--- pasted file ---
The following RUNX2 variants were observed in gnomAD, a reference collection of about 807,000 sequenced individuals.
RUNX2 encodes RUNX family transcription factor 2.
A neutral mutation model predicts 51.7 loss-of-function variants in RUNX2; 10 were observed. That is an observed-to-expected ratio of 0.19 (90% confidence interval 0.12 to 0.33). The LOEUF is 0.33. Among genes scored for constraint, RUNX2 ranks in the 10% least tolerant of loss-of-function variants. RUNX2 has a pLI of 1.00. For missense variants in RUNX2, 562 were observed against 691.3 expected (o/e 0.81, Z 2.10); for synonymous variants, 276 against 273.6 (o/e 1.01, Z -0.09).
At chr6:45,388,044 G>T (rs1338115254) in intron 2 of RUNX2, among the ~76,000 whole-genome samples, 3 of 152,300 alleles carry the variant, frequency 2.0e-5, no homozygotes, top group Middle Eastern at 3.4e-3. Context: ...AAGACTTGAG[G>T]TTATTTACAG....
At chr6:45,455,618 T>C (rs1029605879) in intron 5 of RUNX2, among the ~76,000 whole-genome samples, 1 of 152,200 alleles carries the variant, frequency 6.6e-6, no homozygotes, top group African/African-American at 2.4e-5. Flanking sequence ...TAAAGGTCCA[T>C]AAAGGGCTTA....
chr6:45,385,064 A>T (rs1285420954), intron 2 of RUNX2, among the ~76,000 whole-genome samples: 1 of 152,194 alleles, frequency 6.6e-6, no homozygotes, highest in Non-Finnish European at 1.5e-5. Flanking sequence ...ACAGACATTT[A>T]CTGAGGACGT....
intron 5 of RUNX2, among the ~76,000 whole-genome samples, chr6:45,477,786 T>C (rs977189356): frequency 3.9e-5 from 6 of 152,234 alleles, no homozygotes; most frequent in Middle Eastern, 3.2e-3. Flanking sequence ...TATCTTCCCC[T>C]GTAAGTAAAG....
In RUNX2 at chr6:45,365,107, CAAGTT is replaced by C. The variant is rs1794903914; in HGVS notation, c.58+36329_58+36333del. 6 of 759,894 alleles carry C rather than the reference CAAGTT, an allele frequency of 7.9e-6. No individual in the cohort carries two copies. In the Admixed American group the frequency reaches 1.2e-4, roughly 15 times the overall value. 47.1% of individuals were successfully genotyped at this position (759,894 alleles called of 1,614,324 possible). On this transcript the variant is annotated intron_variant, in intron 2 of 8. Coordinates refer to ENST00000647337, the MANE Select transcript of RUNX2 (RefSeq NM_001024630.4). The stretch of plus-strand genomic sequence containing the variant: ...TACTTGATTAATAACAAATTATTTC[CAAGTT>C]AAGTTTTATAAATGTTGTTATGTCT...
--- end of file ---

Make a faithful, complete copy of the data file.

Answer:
The following RUNX2 variants were observed in gnomAD, a reference collection of about 807,000 sequenced individuals.
RUNX2 encodes RUNX family transcription factor 2.
A neutral mutation model predicts 51.7 loss-of-function variants in RUNX2; 10 were observed. That is an observed-to-expected ratio of 0.19 (90% confidence interval 0.12 to 0.33). The LOEUF is 0.33. Among genes scored for constraint, RUNX2 ranks in the 10% least tolerant of loss-of-function variants. RUNX2 has a pLI of 1.00. For missense variants in RUNX2, 562 were observed against 691.3 expected (o/e 0.81, Z 2.10); for synonymous variants, 276 against 273.6 (o/e 1.01, Z -0.09).
At chr6:45,388,044 G>T (rs1338115254) in intron 2 of RUNX2, among the ~76,000 whole-genome samples, 3 of 152,300 alleles carry the variant, frequency 2.0e-5, no homozygotes, top group Middle Eastern at 3.4e-3. Context: ...AAGACTTGAG[G>T]TTATTTACAG....
At chr6:45,455,618 T>C (rs1029605879) in intron 5 of RUNX2, among the ~76,000 whole-genome samples, 1 of 152,200 alleles carries the variant, frequency 6.6e-6, no homozygotes, top group African/African-American at 2.4e-5. Flanking sequence ...TAAAGGTCCA[T>C]AAAGGGCTTA....
chr6:45,385,064 A>T (rs1285420954), intron 2 of RUNX2, among the ~76,000 whole-genome samples: 1 of 152,194 alleles, frequency 6.6e-6, no homozygotes, highest in Non-Finnish European at 1.5e-5. Flanking sequence ...ACAGACATTT[A>T]CTGAGGACGT....
intron 5 of RUNX2, among the ~76,000 whole-genome samples, chr6:45,477,786 T>C (rs977189356): frequency 3.9e-5 from 6 of 152,234 alleles, no homozygotes; most frequent in Middle Eastern, 3.2e-3. Flanking sequence ...TATCTTCCCC[T>C]GTAAGTAAAG....
In RUNX2 at chr6:45,365,107, CAAGTT is replaced by C. The variant is rs1794903914; in HGVS notation, c.58+36329_58+36333del. 6 of 759,894 alleles carry C rather than the reference CAAGTT, an allele frequency of 7.9e-6. No individual in the cohort carries two copies. In the Admixed American group the frequency reaches 1.2e-4, roughly 15 times the overall value. 47.1% of individuals were successfully genotyped at this position (759,894 alleles called of 1,614,324 possible). On this transcript the variant is annotated intron_variant, in intron 2 of 8. Coordinates refer to ENST00000647337, the MANE Select transcript of RUNX2 (RefSeq NM_001024630.4). The stretch of plus-strand genomic sequence containing the variant: ...TACTTGATTAATAACAAATTATTTC[CAAGTT>C]AAGTTTTATAAATGTTGTTATGTCT...